The MCU version of X-Men could be different in several ways.
It would be safe to assume the romantic triangle between Jean Gray, Cyclops and Wolverine was one of the least compelling elements of the initial X-Men series.
Audiences unaware with the comic book tradition of the protagonists were undoubtedly curious why it was a rivalry, considering James Marsden's Scott Summers was one of the poorest and least engaging characters in the series, and Hugh Jackman's Logan was obviously the compelling and charming focal point of the whole franchise.
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By the time we came to The Last Stand, Cyclops had clearly been destroyed by a little fanfare in the first failed effort to change the Phoenix Saga as the emphasis turned completely to Jean and Logan. For those who feel the complex relationship between the three X-Men had never been done right the first time around, or for others who figured the entire thing was a complete waste of screen time, it seems like we will see the love triangle again as Marvel Studios actually gets around to their much awaited remake.
The recent reports suggest Marvel is actually preparing to incorporate the dynamic bond between Jean, Cyclops and Wolverine as one of the key plot guiding factors of their approach to the X-Men. But that's not all of it.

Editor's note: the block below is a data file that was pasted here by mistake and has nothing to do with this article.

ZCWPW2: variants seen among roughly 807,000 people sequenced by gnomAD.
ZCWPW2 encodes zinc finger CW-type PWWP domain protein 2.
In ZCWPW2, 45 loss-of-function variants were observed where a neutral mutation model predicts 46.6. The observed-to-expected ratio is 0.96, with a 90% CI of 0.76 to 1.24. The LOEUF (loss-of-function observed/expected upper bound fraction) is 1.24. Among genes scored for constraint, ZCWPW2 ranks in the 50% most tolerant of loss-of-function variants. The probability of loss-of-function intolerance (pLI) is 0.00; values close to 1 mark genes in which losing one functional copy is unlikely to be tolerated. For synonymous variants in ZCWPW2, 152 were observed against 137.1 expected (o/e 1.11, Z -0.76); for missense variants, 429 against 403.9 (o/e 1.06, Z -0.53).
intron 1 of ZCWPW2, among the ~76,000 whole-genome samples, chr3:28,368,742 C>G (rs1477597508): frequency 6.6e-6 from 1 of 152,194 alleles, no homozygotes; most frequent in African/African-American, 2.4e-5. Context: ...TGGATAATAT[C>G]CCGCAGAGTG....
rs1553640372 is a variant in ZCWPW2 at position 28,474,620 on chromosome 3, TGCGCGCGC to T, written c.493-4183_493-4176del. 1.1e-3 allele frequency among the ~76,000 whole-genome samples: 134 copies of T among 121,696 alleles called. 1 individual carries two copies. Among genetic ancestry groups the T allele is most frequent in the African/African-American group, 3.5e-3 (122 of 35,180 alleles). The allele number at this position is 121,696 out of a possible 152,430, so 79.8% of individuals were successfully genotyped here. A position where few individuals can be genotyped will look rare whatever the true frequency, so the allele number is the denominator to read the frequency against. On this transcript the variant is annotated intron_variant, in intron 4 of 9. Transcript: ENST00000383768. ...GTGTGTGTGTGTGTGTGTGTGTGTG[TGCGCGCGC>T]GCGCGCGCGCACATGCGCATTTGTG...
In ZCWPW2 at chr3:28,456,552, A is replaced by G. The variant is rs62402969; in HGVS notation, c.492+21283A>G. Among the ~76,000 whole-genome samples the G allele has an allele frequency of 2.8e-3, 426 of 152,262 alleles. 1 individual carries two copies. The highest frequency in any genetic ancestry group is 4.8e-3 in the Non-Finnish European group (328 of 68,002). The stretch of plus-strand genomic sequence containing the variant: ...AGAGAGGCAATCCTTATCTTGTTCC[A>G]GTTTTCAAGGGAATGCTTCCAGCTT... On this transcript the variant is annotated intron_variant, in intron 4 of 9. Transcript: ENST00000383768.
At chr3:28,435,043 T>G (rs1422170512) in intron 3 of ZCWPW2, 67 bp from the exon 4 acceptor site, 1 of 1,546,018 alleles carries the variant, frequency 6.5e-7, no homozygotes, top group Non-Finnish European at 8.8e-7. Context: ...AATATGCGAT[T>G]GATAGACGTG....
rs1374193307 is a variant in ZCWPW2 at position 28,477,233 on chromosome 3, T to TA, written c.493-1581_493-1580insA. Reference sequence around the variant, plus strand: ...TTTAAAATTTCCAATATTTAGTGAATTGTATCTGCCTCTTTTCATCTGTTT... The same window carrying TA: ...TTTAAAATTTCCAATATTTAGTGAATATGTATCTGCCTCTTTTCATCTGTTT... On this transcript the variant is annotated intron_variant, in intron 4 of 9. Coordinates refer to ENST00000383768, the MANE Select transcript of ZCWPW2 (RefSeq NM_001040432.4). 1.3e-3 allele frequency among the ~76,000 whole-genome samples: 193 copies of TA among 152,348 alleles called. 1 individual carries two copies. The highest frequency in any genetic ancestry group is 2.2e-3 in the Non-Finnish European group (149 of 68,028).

Yeah, it's not only going to be the one love triangle in development, because we've already learned the studio is digging further into the comic book lore and contemplating adding Emma Frost into the equation as well, despite the past she already shares with Cyclops, which suggests that we might end up with two romantic entanglements for the price of one as part of the MCU 's X-Men: Jean-Cyclops-Wolverine and Emma Frost-Cyclops-Jean.
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Although getting four main protagonists embroiled in two separate yet similarly difficult romantic involvement would have to be cautiously treated in order to prevent misunderstanding as it would definitely be a deviation from the standard.
So far in the MCU, characters seem to have a simple romantic interest who stays an important part of their plot all the way, and having it a lot more complex both humanizes the X-Men in question and provides something special that we've never seen in any of the dozen Fox movies in the past.